Small but mighty, learn why every knife block needs a Paring Knife.
The Paring Knife is an essential tool in any kitchen. Its short, non-serrated blade is used for any kind of intricate or precision work ranging from dicing a shallot to delicately peeling an apple. Often underutilized, Paring Knives can perform many of the same tasks as a Chef Knife, with a number for which it is uniquely suited.
Paring Knives are small—typically under 8” total— and resemble a miniature Chef Knife. Featuring a non-serrated, slightly curved blade that’s typically under 4”, these knives are ideal for handling smaller tasks in the kitchen —like cutting small vegetables, peeling fruits, or slicing awkwardly-shaped ingredients.
A good, sharp Paring Knife can do many things, but some tasks are uniquely suited to this versatile, maneuverable kitchen tool. Here are eight ways to get the most use out of your Paring Knife.Peeling
Because of its small size, our Paring Knife is ideal for peeling, when you need maximum control in order to remove only the skin of an ingredient. It can be used for a fruit as uniform as a kiwi to an oblong, slightly irregular butternut squash. To peel a fruit, hold the knife close to the blade with a relaxed, steady grip, place your thumb on the fruit a couple inches in front of where you want to peel, then carefully pull the blade towards you as you move your thumb around.Coring
Coring refers to the process of removing seeds or tougher, fleshy, undesired material from fruits, nuts, and vegetables. While there are designated coring tools, it’s easy to do this with our Paring Knife, which you can use for many things instead of just one. To core an apple for example, set the fruit upright and hold it with your non-dominant hand. Cut around the stem in a circular motion, slicing all the way through to the underside of the apple. When you’ve sliced through, use your thumb to push the core out.
Alternatively, you can also make a series of four cuts around the stem and four around the base of the apple. Then, slide the blade through to connect them. Once the core has been loosened, it should easily twist or pop out.Hulling
Similar to coring, hulling removes the inedible top of a fruit, specifically strawberries. To hull a strawberry, grip the Paring Knife high up the blade so the flat of the Knife is held between the side of your index finger on the bottom and your thumb on the top. Insert the blade just below the stem of the fruit, then slowly carve out a shallow, cone-shaped core of the top of the strawberry. Discard the stem and cut strawberries as desired.Scoring
Cooking certain cuts of meat or baking a loaf of bread often involves scoring—cutting very shallow slits on the surface of your ingredient. While you can use any of our Knives to score, the precision of our Paring Knife lends itself particularly well to this task. Scoring allows steam to escape as bread bakes in the oven or can be used to make patterns in the final product. When used on certain cuts of meat, scoring can increase the Maillard reaction during cooking and allow for the infusion of aromatics like ginger or garlic.Deveining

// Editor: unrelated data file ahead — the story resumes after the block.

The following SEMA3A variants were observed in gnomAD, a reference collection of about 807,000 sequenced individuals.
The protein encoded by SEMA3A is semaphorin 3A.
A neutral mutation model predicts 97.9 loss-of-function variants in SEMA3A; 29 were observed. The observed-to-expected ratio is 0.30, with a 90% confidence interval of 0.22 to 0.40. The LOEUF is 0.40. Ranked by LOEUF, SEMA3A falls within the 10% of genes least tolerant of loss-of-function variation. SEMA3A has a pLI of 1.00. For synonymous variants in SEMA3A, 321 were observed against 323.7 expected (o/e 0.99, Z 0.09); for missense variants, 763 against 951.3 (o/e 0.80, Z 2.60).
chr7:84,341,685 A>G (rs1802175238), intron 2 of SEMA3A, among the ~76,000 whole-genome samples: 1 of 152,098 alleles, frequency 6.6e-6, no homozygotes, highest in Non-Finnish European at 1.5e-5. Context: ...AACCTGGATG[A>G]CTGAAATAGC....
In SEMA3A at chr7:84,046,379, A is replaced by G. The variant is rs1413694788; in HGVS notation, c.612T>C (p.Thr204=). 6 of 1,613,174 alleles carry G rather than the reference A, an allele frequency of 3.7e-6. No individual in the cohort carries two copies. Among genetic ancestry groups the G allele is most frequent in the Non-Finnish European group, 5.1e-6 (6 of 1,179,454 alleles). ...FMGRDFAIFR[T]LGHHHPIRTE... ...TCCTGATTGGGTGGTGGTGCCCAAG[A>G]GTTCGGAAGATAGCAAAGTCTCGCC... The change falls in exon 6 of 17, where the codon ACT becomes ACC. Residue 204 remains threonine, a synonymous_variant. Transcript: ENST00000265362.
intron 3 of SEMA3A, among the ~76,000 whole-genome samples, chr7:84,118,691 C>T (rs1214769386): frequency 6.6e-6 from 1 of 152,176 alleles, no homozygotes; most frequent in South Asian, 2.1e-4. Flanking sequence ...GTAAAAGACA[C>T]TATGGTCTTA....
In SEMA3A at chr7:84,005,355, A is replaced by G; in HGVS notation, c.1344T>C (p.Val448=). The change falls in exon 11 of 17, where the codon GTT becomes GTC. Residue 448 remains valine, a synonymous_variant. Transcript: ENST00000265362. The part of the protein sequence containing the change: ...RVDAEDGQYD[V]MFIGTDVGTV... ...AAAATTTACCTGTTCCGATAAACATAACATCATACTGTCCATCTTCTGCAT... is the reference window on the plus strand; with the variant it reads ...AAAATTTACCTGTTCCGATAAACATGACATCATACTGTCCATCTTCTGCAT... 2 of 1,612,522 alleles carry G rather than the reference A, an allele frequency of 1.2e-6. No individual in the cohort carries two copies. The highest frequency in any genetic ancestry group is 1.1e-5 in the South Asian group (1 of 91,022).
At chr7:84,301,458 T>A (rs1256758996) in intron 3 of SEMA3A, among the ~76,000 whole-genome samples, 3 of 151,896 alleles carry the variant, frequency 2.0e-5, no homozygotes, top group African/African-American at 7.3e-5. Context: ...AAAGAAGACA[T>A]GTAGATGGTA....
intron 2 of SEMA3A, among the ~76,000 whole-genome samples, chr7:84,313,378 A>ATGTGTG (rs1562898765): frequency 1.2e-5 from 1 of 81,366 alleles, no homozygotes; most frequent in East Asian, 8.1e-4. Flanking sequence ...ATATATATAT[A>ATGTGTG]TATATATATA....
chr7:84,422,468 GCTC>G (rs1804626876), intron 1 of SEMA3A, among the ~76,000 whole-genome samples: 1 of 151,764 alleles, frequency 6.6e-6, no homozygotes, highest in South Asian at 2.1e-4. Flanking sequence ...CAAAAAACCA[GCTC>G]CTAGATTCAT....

Deveining shrimp or prawns isn’t strictly necessary before cooking, but many chef’s like to remove the digestive tract for presentation, depending on the dish. To devein a shrimp, make a shallow incision along the back of the shrimp to expose the vein. Use the tip of the knife to pull the vein up and out in one piece. Wash your Paring Knife before using it again to prevent contamination.Segmenting
Using a Chef Knife may be best for breaking down chicken, it can be difficult when segmenting citrus. Also called supreming, this delicate process involves removing not only the peel, but the white interior pith from wedges of citrus fruits. For best results, make sure your Paring Knife is very sharp. First, remove the top and bottom of the citrus, then remove the peel, working your way around the fruit. Try to take as much of the white pith off as possible and remove any remaining once the citrus is fully peeled. Then, rest the fruit on its side and cut towards the center on either side of the membrane. Remove the sliver of fruit and repeat until fully segmented. This is a time consuming process but it’s worth the work.Mincing and Dicing
Though a Chef Knife is better suited to mincing or dicing larger ingredients, our Paring Knife is useful for processing smaller ingredients like shallots or garlic. Mincing garlic is a great way to practice basic knife skills, and using a Paring Knife can be a good way to get used to handling a Knife in this fashion. Check out our article on cutting garlic to learn how to do it properly.
Even ingredients like celery, carrots, poultry, or seafood that are often mainly broken down with a Chef Knife, there are parts of the process for which having a Paring Knife on-hand is useful. Trimming the leaves and stems from carrots or celery or removing fat, excess bones, or tendons from chicken or seafood are all tasks best handled by the dexterity of a Paring Knife.
Handling a Paring Knife is much like holding any other Knife. In general, a relaxed but firm grip that keeps the knife from slipping with the thumb high on the flat side of the blade is best, but a Paring Knife is capable of a variety of techniques that sometimes require moving the grip further up the blade. Use a grip that feels comfortable but is also secure to give you the most control over your blade.
Like all of our Knives, our Paring Knives are full-tang and fully-forged, meaning that they’re hammered from one piece of stainless steel that runs all the way through from the tip of the blade to the base of the handle. This yields a balanced, sturdy Knife that won’t snap at the handle. When it comes to precision and control for the tasks listed above and others, you’ll find that this little knife is an indispensable part of your knife block.
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